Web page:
There is a difference between recognizing that a condition is unhealthy and demonizing people who live with that condition. Many dedicated scientists, medical professionals, therapists, and others are vitally interested in helping people escape from morbid obesity. This does not mean they hate or look down on people who are overweight or obese. But somehow, the very existence of anti-obesity programs brings out a hostile defensiveness in a segment of the population.
A small but eloquent number of “fat acceptance” advocates seem to view anyone who tries to reduce obesity as the mental twin of a dictator committed to ethnic cleansing and the moral equivalent of a tyrant who plans genocide.
In “Fatlogic’s Power to Cloud Minds,” we looked at the difference between rationality and rationalization, and unpacked the observation Dr. Pretlow once made about a contact:
One parent vehemently claimed that her 250-pound 13-year-old needed 2,800 calories per day for his weight.
That is a delusional mother, working on the assumption that her responsibility is to maintain her child’s present weight. Or maybe it is only a case of poor education. Maybe from a doctor or a TV show, the mother grasped the principle that alcohol and drugs affect people differently depending on their size. A 250-pound surgical patient needs a certain amount of anesthesia to knock him out. Therefore, a 250-pound son requires a certain amount of food to keep him going. It makes sense. In the fatlogic universe, this is how things work.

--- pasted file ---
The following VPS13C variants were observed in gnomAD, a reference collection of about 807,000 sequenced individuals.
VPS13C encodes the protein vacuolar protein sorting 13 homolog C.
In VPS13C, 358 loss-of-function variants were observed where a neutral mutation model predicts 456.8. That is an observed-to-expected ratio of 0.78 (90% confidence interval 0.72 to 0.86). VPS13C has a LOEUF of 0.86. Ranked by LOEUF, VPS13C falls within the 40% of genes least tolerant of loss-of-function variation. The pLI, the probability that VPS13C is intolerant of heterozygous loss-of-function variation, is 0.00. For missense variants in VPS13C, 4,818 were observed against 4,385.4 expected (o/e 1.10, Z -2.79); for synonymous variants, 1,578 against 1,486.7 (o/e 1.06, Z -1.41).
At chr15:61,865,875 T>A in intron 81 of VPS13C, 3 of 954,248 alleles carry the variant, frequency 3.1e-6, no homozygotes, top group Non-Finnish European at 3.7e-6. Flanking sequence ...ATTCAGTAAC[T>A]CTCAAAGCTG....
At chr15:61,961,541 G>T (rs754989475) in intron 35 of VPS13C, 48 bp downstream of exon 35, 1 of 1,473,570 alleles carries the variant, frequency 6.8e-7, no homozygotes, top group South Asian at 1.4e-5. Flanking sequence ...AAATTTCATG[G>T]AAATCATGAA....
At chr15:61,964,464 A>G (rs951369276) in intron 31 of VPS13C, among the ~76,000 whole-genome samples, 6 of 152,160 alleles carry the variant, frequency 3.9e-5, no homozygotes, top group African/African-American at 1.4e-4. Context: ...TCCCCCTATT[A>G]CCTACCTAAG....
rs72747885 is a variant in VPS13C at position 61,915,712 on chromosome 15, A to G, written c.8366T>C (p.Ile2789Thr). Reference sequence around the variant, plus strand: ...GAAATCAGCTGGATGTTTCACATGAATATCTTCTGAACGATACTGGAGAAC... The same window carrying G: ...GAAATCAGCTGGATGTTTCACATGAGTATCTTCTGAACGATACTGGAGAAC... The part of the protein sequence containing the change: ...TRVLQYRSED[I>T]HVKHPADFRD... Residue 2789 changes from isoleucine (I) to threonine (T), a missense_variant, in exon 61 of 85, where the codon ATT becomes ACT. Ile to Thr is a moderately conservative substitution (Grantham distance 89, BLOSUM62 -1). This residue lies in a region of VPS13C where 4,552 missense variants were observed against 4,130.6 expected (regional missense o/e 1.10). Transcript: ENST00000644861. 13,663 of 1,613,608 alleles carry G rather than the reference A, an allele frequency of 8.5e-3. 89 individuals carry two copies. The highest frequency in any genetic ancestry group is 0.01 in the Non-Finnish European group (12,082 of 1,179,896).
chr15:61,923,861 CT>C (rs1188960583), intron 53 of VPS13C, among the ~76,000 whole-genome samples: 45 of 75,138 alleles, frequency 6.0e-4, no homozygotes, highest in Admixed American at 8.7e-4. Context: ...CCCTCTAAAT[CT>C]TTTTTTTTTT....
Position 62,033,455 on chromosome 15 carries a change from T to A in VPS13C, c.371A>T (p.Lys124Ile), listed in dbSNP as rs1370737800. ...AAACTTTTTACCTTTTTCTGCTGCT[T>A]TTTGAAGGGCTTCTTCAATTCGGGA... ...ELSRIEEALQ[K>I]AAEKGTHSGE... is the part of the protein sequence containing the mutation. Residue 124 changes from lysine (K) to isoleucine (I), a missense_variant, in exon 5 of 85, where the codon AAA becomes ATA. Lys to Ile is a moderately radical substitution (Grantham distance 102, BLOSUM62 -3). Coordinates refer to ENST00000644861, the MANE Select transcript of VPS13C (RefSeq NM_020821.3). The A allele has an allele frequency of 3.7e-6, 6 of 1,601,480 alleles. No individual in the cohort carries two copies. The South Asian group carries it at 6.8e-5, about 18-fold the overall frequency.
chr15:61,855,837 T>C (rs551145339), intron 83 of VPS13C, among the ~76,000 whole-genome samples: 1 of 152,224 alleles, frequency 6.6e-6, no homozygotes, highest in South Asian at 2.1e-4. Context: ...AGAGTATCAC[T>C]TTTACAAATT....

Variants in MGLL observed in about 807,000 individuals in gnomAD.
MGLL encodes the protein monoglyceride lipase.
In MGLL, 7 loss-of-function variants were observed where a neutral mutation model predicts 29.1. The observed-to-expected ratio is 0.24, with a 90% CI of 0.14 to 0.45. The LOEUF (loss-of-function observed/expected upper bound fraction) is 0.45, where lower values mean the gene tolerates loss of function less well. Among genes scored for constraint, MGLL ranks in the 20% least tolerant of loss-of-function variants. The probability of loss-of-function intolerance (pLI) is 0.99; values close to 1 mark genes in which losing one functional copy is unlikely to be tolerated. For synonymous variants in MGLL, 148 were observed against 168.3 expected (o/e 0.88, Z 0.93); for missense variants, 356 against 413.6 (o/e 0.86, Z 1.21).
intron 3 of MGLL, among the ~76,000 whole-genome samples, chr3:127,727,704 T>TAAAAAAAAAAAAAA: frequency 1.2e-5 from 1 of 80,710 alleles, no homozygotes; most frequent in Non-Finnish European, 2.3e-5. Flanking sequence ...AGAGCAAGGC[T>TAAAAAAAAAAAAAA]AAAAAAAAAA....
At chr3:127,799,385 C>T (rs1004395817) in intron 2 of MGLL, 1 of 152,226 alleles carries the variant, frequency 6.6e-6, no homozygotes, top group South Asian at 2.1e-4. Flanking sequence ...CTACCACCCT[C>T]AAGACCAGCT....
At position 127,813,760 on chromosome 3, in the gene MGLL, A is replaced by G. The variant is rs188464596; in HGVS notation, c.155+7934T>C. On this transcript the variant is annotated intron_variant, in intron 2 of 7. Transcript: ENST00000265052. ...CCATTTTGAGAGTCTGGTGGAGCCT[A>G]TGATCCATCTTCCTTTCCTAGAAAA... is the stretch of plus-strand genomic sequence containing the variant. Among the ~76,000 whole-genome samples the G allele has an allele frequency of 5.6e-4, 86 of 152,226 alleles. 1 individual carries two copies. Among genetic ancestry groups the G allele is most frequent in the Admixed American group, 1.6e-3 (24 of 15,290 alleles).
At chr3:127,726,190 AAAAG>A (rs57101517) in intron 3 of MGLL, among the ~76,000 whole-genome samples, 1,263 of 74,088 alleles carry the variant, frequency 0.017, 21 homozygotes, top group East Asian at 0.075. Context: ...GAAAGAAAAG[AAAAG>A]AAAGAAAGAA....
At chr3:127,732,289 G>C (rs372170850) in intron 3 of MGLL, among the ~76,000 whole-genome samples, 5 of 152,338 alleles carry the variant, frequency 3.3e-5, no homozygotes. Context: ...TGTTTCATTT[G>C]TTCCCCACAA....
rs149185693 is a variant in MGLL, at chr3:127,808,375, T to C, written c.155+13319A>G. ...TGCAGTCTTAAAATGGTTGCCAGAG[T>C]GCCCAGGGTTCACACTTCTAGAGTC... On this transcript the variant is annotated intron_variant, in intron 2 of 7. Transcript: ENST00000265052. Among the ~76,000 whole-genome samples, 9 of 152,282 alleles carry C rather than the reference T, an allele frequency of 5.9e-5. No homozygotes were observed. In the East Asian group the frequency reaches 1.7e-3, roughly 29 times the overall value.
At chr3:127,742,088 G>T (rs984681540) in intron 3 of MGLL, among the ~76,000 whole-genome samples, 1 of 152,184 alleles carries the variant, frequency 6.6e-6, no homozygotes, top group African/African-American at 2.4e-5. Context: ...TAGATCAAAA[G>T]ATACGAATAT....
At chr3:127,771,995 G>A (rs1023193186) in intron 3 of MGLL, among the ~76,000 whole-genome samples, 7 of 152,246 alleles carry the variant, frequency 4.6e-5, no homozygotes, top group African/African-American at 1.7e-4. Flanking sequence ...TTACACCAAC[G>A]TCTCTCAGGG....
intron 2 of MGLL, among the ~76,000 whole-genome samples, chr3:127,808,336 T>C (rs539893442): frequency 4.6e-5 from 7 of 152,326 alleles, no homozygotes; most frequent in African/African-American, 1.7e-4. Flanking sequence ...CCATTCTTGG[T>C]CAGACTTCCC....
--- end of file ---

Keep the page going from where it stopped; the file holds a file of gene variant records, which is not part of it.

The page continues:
To maintain the fatlogic mindset, a person must be able believe two things that can’t both be true. The ability to engage in cognitive dissonance is a uniquely human trait, and a certain amount of it is necessary for humans to survive. It probably demands a heavy psychological price, because deep inside, most of us know when we are lying to ourselves. This awareness does not stop us from deceiving ourselves, but adds another layer of guilt. In “Genetics and Fatlogic,” we reviewed first-person accounts from grownups who wish their parents had not brainwashed them into believing such a harmful philosophy.
Growing Up in Fatlogic Land
In “Fatlogic and Self-Deception,” we examined the fine art of kidding the self and made, not for the first time, a case for early intervention. The earlier obesity and fatlogic set in, the more difficult they are to reverse. How early should intervention start? Before a child’s conception. How can society convince women to make sure their bodies and minds are healthy before they even consider getting pregnant? Whoever answers that question will be the hero of the century.
Of course, individuals are not the only proponents of fatlogic. Giant, planet-encompassing corporations do their share. Coca-Cola
makes news for several reasons, like the sketchy attribution of research funding. The company is quite the fatlogic cheerleader. It supports research to prove that caloric intake is meaningless, and co-opts dietitians and nutritionists who can be persuaded to tell the public that Coke and similar products are good snack choices. In publications, the company places “sponsored articles” that are nothing more than advertisements inflated with extra prose. It even employs experts who attest that the nature of a sugar-sweetened beverage somehow magically changes if the beverage is consumed from an itty-bitty can.
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Image by Martin Lindstrom